Caring for COVID-19 survivors, recovery solutions for health care practitioners

COVID-19 survivors, including ‘long haulers,’ have specific nutritional and therapy treatment needs

Conventional medicine only takes some COVID-19 survivors and especially “long haulers” so far. I’ve consulted numerous long haulers, and unconventional therapies are not only a reasonable option, but a necessity. Especially with long-term symptoms like aches and pains, exhaustion, shortness of breath, lack of energy and fatigue, neck pain, shoulder pain, joint swelling and pain, chest pain, dizziness, difficulty concentrating, headache, loss of smell, poor sleep quality and cognition challenges.

Long COVID patients

Post-acute COVID-19 or “long COVID patients” are defined as those with the presence of symptoms extending beyond three weeks from the initial onset of symptoms.

Long-Haul Syndrome is reserved for chronic COVID-19 symptoms extending beyond 12 weeks.1 The top symptoms post-acute COVID-19 patients consult me for have been musculoskeletal aches and pains, headaches, fatigue and shortness of breath.

Viremia related to COVID-19 causes microvascular thrombotic processes that can cause cellular and multiple organ system dysfunction — therefore treatment will require a multi-specialty coordination of approaches. The residual symptoms seem to be a consequence of direct tissue invasion.

COVID-19 survivors: discovering impacted systems

A good history and symptoms list can give the practitioner a sense of the system(s) affected. The three key systems that seem to be affected are the cardiovascular, pulmonary and neurologic systems.

For example, myocardial injury, thromboembolic disease, myocardial inflammation, myocarditis, and cardiac arrhythmias will translate into “weakness,” “I look pale” or exertion “tiredness.” Adverse pulmonary consequences from interstitial thickening, fibrosis, diminished respiratory muscle strength, and decreased lung function will translate to “I’ve had to stop most (sports) activities,” “shortness of breath,” “chest tightness” (moderate or mild), “fatigue” and “headache.”

If the virus infiltrated the nervous system, symptoms will translate into “body aches,” “brain fog” and “concentration” challenges. Direct invasion of the olfactory nerve leads to anosmia (loss of smell).

To date, the most common long-term neurologic symptoms after COVID-19 are headache, vertigo and chemosensory dysfunction — anosmia and loss of taste (ageusia).6,7,8,9 Because loss of smell is one of the early symptoms in the majority of acute-stage COVID-19 cases, in my office I’m testing every patient for smell using essential oils along with forehead temperatures.

Symptoms spike dramatically in the days after overdoing an activity — physical, cognitive or social efforts. When they say they are “tired,” it’s not like being tired. It’s like you’ve been drugged. I get the sense they feel OK one minute and then 10 minutes later, they feel run over by a bus. I am used to the “good day, bad day feeling” patient, but this is a whole new level of that.

Even people who never experienced symptoms of COVID-19 are expressing symptoms related to chronic stress and feelings of isolation and loneliness.3,10

Compromised blood vessels

COVID-19 creates a direct viral attack on the vessels, joints or nerves. The virus has been detected in every cell type and tissue in the body.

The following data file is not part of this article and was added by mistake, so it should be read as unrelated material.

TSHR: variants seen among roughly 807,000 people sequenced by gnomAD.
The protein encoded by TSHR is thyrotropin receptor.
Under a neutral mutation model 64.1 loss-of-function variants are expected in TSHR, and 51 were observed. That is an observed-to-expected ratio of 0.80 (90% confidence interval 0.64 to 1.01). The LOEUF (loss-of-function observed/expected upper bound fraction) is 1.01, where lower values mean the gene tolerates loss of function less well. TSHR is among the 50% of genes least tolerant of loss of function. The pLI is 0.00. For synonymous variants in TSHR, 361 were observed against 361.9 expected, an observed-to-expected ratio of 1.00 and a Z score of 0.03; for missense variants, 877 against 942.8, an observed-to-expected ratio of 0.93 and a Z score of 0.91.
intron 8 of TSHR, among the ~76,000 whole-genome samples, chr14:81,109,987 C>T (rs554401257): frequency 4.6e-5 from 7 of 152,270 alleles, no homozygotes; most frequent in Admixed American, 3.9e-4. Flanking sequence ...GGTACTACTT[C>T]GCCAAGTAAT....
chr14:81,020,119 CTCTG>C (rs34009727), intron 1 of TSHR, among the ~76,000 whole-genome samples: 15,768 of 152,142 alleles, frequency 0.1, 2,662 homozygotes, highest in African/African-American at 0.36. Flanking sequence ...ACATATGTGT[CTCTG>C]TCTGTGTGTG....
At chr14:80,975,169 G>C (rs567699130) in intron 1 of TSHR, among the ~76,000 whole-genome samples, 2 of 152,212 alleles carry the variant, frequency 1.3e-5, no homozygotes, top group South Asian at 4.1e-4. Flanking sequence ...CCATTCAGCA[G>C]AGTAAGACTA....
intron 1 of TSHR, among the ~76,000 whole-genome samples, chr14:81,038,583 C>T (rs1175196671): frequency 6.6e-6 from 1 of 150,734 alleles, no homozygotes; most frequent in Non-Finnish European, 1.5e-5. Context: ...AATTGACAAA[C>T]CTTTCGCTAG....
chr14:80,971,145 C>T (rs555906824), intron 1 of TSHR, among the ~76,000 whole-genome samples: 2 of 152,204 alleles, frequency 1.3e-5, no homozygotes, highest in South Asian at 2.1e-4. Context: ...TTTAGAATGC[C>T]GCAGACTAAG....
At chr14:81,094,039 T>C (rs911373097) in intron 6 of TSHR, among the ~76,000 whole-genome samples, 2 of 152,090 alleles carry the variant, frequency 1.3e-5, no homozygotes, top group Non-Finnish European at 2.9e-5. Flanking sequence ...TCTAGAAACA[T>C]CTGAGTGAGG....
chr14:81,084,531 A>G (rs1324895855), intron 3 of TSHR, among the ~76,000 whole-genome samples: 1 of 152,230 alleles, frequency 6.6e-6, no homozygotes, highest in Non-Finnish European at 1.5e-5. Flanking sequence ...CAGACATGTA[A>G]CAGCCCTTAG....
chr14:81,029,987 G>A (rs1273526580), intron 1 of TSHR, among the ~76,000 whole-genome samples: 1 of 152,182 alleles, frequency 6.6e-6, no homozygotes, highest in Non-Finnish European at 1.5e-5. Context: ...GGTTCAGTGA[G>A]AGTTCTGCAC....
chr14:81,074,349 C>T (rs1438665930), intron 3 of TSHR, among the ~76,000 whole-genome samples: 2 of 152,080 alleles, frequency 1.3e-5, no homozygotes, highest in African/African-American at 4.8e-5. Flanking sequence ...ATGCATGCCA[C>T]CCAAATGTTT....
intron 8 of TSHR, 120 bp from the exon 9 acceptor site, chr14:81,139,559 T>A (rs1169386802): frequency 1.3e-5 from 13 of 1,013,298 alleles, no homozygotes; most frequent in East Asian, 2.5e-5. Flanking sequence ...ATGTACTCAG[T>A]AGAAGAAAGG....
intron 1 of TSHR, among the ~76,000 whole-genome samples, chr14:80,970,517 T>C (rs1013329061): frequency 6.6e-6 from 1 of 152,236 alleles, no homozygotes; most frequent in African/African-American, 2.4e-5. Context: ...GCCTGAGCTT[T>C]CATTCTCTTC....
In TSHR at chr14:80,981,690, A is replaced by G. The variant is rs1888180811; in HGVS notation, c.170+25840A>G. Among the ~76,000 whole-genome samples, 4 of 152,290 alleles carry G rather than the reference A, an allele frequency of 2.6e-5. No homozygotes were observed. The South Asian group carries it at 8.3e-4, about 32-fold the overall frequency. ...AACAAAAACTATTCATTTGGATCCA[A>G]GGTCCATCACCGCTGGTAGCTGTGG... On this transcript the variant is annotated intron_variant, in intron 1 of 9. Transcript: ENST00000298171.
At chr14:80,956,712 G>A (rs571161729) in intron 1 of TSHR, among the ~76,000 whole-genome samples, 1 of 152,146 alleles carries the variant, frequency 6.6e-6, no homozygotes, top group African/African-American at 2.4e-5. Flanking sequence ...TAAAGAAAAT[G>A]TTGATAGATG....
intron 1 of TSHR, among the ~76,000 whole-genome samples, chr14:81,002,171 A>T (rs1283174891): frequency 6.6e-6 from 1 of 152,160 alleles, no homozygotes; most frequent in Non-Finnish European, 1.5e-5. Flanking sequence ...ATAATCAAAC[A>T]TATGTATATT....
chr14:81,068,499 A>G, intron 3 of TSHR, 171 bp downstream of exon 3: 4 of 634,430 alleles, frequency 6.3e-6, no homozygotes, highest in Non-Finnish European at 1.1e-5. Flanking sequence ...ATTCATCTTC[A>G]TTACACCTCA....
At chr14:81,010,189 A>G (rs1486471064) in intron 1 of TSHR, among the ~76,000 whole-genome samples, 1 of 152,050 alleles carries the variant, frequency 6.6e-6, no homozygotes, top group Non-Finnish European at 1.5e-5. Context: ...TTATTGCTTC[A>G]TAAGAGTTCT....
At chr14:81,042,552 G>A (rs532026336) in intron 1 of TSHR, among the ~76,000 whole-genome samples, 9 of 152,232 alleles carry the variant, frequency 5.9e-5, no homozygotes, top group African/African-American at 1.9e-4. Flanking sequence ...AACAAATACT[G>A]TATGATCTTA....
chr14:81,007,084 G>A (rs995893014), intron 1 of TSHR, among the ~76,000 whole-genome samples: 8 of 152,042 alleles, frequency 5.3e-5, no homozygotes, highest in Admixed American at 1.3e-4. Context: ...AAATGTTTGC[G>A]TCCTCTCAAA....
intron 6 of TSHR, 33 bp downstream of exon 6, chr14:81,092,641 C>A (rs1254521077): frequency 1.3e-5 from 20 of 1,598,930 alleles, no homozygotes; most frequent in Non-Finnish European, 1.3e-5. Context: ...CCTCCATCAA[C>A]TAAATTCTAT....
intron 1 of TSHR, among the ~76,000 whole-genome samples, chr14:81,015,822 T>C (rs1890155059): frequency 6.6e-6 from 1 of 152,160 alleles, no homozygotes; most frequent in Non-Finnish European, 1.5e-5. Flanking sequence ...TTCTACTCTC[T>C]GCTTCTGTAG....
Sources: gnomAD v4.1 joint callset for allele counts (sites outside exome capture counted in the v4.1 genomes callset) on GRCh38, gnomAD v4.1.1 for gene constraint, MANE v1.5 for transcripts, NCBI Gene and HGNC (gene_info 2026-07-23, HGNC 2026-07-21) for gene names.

It involves multiple organs besides the vascular system, respiratory system, and the central and peripheral nervous system. This is the way I explain post-COVID-19 symptoms: your blood vessels have been compromised.

It may stem from a few possible sources:

Hypoxia — You have a lack of oxygen to the tissues due to respiratory problems during the infection. Hypoxia is an insufficient amount of oxygen reaching the tissues. Mitochondria need oxygen to create ATP. ATP is the energy required for cells to carry out their specific functions: nerve impulses, tissue repair, muscle contraction, the synthesis of biochemical agents within cells, and more — all these actions require ATP. Any movement or metabolic process needs ATP. A constant supply is needed to maintain cellular processes for life.

Lackofmotion — Being bed-bound for days or weeks and lack of motion can cause low blood supply; blood is stagnant and not reaching the tissues because it is unable to flow to them (the extreme is blockage, i.e. stroke). A lack of blood means a lack of oxygen to the tissues. A lack of oxygen to the tissues is very painful. The virus may have created damaged cells that caused low blood oxygen (blood isn’t saturated with oxygen) from defective hemoglobin. Your tissues have had a lack of oxygen to intake. See how we are back to hypoxia.

Bloodclots — You may feel muscle aches and pain or fatigue (list their symptoms) from COVID-19. If people have a bunch of small clots in the lungs, that can continue to fatigue for a long period of time — even after the clots are gone — if there’s damage to the blood vessels.

Targeted personalized treatment for long haulers

There is no “one remedy” for all of these symptoms for sufferers or COVID-19 survivors. I am helping patients manage the condition while they are learning to pace themselves.

My key messages for long haulers battling fatigue are to prioritize rest and relaxation, avoid pushing yourself, learn to balance activity and breaks, and improve sleep.

Other areas to work on include:

High-fat whole foods, a plant-rich diet (ketogenic, intermittent fasting); avoid foods that intensify the inflammatory stress response (most allergic foods are dairy and gluten) in the lungs and musculoskeletal systemExercise (graded)Sleep optimizationStress reduction (meditation, etc.)Thought liftingNutrient optimization (omega-3, vitamin D, methylation, B’s, etc.)Hormonal optimization (thyroid, adrenal and sex hormones); do not hesitate to perform a variety of tests, including an echocardiogram, electrocardiogram, pulmonary function test, and chest CT scan to rule out heart problemsGut optimization (heal leaky gut)Detoxification (mobilize and excrete toxins)Energy optimization (mitochondrial support, breathing and exercise); limit hours of work per day as they regain strength and continue recoveringImmune/inflammation optimization (everything above and herbs/nutrients)

Exercise and diet

The best thing is to listen to your body. If you know that something’s pushed you over the edge in the past, then don’t repeat it.